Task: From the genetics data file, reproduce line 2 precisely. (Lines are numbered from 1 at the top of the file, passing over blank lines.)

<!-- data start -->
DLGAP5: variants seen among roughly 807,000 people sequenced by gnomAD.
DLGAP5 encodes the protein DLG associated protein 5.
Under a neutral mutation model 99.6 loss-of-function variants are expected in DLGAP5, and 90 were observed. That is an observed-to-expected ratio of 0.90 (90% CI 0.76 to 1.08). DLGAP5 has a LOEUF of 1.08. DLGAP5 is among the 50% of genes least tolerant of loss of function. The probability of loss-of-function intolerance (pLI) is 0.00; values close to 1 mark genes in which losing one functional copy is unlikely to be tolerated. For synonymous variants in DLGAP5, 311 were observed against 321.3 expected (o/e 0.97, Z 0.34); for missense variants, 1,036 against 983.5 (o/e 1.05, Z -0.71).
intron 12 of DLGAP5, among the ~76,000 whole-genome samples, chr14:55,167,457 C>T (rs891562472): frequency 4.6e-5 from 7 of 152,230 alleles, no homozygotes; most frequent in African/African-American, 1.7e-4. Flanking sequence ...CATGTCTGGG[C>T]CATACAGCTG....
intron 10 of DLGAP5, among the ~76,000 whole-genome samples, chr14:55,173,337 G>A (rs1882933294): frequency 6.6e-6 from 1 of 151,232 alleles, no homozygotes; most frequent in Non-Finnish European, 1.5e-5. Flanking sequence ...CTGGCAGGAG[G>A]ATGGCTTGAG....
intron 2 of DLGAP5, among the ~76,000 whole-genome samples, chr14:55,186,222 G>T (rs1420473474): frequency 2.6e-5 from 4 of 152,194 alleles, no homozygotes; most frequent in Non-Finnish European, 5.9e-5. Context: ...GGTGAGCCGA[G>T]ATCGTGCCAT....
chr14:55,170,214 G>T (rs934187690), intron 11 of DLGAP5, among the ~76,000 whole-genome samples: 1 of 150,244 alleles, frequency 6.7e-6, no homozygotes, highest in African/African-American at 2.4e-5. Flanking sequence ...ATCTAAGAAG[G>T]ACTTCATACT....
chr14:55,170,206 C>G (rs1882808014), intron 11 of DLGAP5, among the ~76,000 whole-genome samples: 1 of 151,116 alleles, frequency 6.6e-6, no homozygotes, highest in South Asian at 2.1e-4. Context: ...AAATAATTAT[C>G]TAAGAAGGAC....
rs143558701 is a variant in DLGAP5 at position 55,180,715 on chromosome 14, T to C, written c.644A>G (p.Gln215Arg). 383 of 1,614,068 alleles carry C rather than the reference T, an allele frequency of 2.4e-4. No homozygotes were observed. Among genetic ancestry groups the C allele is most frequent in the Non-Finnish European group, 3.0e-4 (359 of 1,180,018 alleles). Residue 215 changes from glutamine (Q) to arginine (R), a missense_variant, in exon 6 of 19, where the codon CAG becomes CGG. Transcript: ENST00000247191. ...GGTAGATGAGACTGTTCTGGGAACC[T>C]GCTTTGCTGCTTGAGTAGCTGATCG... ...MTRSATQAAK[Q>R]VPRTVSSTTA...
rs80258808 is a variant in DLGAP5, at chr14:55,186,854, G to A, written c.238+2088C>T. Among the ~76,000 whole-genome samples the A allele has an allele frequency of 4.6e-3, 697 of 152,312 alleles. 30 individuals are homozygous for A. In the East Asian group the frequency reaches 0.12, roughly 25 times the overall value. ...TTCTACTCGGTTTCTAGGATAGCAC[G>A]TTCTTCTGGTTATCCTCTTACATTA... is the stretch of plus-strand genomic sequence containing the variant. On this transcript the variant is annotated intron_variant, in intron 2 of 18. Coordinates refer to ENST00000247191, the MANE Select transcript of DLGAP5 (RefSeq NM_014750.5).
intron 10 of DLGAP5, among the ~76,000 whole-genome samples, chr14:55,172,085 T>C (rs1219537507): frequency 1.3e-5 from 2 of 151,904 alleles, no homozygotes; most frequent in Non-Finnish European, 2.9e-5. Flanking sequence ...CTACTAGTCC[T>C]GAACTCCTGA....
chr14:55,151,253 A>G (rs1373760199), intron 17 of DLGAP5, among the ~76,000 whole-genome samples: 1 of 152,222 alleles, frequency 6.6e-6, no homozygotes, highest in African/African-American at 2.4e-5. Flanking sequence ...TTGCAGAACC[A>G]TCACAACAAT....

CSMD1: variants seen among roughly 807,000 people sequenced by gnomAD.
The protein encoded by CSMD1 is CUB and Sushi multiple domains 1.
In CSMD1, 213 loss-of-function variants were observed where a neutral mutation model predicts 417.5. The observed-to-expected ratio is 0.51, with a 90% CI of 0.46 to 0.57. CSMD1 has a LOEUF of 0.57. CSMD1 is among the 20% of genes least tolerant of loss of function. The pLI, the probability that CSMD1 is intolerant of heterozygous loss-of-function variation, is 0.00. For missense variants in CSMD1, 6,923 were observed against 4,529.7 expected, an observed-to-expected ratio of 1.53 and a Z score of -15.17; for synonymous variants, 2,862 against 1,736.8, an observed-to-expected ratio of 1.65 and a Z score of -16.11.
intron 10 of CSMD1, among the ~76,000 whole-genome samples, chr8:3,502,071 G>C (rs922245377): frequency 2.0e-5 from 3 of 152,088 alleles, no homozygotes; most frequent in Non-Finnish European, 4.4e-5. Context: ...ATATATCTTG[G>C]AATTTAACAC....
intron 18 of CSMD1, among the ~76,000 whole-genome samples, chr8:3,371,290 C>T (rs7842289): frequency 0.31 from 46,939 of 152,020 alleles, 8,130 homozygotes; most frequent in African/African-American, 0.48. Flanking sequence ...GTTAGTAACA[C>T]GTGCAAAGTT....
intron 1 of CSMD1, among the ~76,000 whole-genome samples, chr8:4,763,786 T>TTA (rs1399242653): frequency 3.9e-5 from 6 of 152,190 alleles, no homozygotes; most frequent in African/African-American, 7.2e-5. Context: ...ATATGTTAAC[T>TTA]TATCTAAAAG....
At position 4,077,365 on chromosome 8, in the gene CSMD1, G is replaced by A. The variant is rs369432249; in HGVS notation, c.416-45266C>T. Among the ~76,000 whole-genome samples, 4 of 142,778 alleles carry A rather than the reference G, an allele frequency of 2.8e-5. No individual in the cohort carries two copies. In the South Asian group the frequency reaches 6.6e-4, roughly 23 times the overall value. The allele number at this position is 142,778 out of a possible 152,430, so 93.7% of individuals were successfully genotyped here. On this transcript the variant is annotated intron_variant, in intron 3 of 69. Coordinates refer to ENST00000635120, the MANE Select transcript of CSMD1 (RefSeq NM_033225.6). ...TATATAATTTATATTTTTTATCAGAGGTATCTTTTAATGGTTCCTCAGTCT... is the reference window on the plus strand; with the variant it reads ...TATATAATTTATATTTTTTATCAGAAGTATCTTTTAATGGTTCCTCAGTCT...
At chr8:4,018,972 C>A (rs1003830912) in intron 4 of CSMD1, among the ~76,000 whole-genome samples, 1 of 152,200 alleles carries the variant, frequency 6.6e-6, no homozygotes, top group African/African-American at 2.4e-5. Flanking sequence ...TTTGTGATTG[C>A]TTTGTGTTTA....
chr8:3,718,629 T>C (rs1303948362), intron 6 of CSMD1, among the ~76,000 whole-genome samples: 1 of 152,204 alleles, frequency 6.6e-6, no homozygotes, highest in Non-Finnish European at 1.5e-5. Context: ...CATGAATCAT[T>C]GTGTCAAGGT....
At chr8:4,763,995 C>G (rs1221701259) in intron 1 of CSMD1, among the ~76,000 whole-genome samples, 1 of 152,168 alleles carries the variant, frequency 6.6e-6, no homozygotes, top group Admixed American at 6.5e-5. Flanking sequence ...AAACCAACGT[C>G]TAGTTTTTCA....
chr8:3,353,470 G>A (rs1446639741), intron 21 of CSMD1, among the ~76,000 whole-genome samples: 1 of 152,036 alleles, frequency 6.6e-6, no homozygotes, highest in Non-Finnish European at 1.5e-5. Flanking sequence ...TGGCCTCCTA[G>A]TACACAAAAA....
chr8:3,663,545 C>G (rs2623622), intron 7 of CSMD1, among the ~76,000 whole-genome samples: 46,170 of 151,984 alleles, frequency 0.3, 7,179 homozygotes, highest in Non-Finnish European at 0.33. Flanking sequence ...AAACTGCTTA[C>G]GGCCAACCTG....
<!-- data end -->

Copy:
DLGAP5 encodes the protein DLG associated protein 5.